This December marks the five year anniversary of the first time I ever went to Mass by choice.
I had been to Catholic Masses before…as a baby, for my own baptism and that of my brother. I had been to funeral Masses. A few weddings. I had begrudgingly and awkwardly joined JP’s very devout family at Mass when we visited them so as not to cause ripples.
But there was something very different about the first time I decided I wanted to go to Mass, the first time I chose it for myself.
First of all, the conditions to led me, a once anti-Catholic evangelical, to seek out a Catholic Mass in the first place.
I had gone from a very fervent young Christian, to a disillusioned young adult inside the walls of various Protestant churches over a number of years. I was struggling to reshape the faith of my childhood into something with the depth required for my adult experiences. My own journey of faith began as a strong believer when I was a child and teen, but transitioned to a life as a near-agnostic in my early 20’s. That shift called into serious question the Protestant doctrine of “Once Saved Always Saved” because my own experience proved that one can start out with true belief but deny it later on. Our foray through a variety of denominations brought me to doubt individual interpretation of Scriptiure- if it’s that clear, why do all these churches disagree on issues both big and small? I grew weary of the hyper-emotional structure of worship, and the expectation that I developed equating a good church service with feeling emotionally fulfilled.
To top it off, no one could tell me what the early Church looked like, just as I was beginning to suspect that the Americanized version of Protestant Christianity wasn’t it. I wasn’t sure if what I was looking for even existed, and if it didn’t, I didn’t think I could remain in good conscience a sola-scriptura, once-saved-always-saved, American Protestant for much longer. Or, if this was all that Christianity was, I didn’t know if I would remain a Christian at all.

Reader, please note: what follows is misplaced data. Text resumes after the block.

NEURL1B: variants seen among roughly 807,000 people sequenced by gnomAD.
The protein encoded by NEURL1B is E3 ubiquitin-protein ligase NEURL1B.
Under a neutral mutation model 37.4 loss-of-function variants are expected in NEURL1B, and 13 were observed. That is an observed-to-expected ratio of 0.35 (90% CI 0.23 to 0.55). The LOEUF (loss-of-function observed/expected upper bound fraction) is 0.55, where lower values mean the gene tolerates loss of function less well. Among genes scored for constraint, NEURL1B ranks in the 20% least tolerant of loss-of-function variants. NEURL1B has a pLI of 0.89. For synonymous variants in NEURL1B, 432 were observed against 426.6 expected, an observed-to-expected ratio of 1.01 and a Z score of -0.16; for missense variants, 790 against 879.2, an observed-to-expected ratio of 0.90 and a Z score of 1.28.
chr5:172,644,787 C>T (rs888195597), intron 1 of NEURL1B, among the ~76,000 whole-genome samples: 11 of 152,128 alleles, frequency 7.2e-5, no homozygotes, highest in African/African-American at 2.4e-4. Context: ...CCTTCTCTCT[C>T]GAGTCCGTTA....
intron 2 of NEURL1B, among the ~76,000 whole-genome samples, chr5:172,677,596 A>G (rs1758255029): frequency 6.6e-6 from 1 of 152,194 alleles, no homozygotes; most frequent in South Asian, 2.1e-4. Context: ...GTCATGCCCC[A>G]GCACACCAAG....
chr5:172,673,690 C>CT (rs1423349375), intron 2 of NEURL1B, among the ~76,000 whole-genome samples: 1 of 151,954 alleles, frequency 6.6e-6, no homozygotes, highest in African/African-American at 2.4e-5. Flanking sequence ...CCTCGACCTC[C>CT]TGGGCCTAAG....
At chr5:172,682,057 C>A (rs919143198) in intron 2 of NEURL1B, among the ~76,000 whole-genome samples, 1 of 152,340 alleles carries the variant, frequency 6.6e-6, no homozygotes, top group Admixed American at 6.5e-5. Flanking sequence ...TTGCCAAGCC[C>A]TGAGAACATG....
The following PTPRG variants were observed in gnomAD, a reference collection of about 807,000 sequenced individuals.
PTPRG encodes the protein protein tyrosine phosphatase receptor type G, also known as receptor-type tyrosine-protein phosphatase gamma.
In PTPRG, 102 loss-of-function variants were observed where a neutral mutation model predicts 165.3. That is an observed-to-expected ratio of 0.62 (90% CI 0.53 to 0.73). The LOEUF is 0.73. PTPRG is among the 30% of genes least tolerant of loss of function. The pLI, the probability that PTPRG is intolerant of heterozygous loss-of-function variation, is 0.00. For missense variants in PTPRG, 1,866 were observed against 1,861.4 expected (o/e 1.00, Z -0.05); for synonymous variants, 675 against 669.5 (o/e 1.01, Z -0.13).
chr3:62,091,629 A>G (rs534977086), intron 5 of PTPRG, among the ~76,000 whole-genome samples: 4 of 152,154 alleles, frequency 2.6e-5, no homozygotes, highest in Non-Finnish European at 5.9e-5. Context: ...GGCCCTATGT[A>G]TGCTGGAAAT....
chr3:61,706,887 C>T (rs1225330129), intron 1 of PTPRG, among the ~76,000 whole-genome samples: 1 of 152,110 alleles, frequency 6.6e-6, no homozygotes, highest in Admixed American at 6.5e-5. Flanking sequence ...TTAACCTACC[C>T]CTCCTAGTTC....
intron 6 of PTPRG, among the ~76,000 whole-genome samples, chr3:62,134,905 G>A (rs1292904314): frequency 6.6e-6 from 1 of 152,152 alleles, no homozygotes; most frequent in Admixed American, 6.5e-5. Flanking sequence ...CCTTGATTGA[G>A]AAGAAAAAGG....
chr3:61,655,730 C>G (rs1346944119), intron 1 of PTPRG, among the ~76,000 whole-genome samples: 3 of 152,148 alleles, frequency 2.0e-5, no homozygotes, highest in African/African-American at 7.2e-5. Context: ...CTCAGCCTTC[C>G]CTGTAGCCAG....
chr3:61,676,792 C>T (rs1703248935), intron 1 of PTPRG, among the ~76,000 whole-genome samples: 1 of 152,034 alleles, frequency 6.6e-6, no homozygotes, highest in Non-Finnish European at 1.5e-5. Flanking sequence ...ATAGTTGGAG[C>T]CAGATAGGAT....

Cue me, sitting on my sofa, realizing that among these and many other things, I was possibly starting to think like…gulp…a Catholic. I hungered for a connection to the history of my faith. I wanted something deeper than an emotionally-driven experience could offer. I wanted sound theological depth.
I didn’t really know how to bring this up to JP because I had persuaded him away from actively practicing his Catholic faith early in our marriage. But I sprung the question on him one snowy night in downtown Racine while we were out at dinner. I asked, simply: “Do you want to go to Mass?” Shocked, JP shared with me that he had been praying for our unity in private, and had himself felt like he was being led back to the Catholic Church.
We got home from dinner and I sent a message to one of my friends, who I suspected might be Catholic:
The Mass Itself
Two days later, on December 6th, JP and I led our (then) two children through the doors of St. Lucy Parish in Racine, Wisconsin for the 10:30 Mass. Even though I had been to Masses here and there, I didn’t really know what to expect, and I wasn’t entirely sure what to do throughout the different components. But, on that Sunday, my experience in a Catholic church that early Sunday in December was markedly different from any Mass I had been to before.